When the Olympics came to London in 2012, not only did it provide the British public with an enthusiasm extravaganza rarely seen in a long and chronically reserved history, it brought one of the most prolific athletes of our time to our backyard: Usain Bolt. The Jamaican sprinter was touted as the most naturally talented runner the world has ever seen, and many newspapers ran stories about his mystical, genetically pre-destined success.
The ability to lift double your bodyweight is not decided at conception. Talent is the product of hard work.
I didn’t like this portrayal of high-level sporting ability. The notion that people are born talented has always made me feel uneasy. It seems exceptionally bleak that a person’s sporting success is determined in the zygote. Not only does the concept deny athletes recognition of their effort to reach their sport’s premier level, it discourages trainees who struggle at the start of their journey. After all, if genetics determine achievement, there’s no reason to persevere if you fail on your first attempt.
My intuition has always told me that society has talent wrong, and that everybody possesses the capacity to forge unlimited skill in any discipline they choose. Imagine my delight when I discovered that the finest neurologists in the world believed this too, and even better, they could prove it.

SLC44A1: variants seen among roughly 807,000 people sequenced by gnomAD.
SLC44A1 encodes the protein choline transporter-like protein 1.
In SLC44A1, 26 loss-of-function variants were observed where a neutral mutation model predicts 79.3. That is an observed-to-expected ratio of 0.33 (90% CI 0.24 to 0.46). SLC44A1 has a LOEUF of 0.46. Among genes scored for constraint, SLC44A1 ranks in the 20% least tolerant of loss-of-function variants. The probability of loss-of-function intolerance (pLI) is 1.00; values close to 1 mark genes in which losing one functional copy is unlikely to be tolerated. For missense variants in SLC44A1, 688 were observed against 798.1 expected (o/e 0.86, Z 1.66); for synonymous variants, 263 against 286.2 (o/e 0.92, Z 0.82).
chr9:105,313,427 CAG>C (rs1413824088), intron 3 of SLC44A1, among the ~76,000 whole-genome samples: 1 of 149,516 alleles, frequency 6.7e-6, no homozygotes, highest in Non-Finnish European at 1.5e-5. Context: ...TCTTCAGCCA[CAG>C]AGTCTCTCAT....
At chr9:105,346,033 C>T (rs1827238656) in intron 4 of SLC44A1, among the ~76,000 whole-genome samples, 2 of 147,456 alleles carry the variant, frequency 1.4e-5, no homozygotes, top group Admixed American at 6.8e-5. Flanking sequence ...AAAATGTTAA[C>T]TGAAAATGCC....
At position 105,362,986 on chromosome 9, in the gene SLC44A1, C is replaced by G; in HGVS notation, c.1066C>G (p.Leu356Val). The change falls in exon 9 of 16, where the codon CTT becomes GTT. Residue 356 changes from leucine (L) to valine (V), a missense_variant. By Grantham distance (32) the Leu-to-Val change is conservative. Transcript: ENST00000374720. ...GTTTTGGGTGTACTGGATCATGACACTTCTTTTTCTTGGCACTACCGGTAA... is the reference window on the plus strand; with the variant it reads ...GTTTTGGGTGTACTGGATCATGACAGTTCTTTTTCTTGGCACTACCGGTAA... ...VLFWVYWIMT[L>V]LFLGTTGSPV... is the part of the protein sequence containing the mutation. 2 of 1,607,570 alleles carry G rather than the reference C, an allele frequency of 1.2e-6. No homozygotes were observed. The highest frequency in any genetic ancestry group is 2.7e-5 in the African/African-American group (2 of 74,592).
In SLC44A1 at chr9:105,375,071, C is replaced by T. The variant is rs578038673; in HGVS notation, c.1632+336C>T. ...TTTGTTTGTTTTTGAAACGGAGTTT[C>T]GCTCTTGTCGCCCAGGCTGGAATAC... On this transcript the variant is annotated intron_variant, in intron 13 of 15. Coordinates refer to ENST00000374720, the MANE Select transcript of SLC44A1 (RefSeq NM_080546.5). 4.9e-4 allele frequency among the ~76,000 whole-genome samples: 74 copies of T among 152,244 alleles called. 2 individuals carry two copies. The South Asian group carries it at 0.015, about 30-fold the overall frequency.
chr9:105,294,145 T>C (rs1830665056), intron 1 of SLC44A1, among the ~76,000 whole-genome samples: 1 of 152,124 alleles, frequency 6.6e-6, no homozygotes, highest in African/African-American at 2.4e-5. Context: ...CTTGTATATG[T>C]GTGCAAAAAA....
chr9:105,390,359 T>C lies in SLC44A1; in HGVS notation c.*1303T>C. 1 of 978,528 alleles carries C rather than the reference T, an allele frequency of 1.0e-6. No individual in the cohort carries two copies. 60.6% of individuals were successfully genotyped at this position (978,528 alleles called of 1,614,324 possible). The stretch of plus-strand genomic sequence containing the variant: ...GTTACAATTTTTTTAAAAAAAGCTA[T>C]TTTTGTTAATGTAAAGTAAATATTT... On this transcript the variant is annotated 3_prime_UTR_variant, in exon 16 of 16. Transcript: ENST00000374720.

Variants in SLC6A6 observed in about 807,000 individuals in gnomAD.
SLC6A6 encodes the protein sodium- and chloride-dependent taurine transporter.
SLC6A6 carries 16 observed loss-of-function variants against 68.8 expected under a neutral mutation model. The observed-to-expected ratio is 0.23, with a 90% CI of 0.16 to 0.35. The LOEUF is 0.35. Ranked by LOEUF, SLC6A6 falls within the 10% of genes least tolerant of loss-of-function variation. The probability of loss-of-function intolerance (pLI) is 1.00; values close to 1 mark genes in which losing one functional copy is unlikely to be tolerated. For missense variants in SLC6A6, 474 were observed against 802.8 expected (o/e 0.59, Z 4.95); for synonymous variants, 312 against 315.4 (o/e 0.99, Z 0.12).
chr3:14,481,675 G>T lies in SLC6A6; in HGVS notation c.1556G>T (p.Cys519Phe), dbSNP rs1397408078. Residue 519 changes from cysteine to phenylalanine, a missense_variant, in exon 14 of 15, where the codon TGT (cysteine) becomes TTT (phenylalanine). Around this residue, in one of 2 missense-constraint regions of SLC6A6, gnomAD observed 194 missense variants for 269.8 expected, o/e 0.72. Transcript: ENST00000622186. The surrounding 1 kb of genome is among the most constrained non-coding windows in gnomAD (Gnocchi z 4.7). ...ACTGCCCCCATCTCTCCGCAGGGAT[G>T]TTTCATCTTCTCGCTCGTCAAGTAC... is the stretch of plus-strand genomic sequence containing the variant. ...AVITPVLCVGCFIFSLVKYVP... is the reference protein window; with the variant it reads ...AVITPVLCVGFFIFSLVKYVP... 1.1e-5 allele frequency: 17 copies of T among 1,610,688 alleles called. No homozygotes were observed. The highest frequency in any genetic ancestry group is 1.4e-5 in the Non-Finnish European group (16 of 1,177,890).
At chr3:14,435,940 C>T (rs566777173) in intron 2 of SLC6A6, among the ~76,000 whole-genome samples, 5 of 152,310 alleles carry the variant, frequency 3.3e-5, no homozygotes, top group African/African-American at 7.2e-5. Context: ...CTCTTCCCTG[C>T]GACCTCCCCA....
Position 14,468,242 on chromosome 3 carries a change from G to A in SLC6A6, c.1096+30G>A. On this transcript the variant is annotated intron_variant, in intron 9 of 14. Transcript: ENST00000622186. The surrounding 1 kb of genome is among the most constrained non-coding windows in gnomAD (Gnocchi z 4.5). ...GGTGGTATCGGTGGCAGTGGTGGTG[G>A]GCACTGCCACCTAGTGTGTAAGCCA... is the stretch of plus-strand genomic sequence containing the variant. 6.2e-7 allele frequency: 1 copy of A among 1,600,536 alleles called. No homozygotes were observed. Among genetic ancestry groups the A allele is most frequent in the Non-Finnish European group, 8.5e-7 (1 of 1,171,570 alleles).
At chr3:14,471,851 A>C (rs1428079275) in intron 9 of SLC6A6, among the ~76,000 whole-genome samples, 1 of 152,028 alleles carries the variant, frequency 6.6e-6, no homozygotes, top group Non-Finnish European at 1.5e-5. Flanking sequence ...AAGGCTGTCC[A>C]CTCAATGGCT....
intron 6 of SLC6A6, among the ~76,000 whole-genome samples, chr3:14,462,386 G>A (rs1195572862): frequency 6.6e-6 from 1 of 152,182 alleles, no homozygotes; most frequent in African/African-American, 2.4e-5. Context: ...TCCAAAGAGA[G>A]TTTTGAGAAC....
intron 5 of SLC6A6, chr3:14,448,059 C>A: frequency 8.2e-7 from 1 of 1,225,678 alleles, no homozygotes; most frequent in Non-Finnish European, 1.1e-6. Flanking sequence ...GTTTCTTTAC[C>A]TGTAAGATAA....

Myelin and The Talent Code
Every human skill from learning how to walk to snatching a barbell is created by chains of nerve fibres in the brain linking together to form a neural circuit. As we practice a skill, electrical impulse signals fire down the wiring and the circuit is brought to life. In The Talent Code, Daniel Coyle presents groundbreaking research on myelin, a neural insulator in the brain that wraps and insulates this circuit, making the signal fire stronger and faster. The more the myelin layers around the circuit, the more precise and proficient the skill becomes.1
See those concentric circles? That’s myelin.
Coyle found that every human is capable of growing more myelin, but it only grows according to certain signals. He went on to devise a “code” for its development: a simple formula to hack skill building and send the idea of God-given talent spinning into the obsolete.
Coyle’s talent code is:
deep practice + ignition + master coaching = talent
These are the signals myelin requires to grow and develop skill mastery. As single entities they are powerful, but combine them together and magical progress occurs. Deep practice facilitates a mindful and self-corrective approach to training that maximises learning from errors and promotes focused application; ignition sparks interest and emotional involvement from the athlete, spurring that practice on; and the catalytic addition of a master coach provides a grand conductor for the whole process.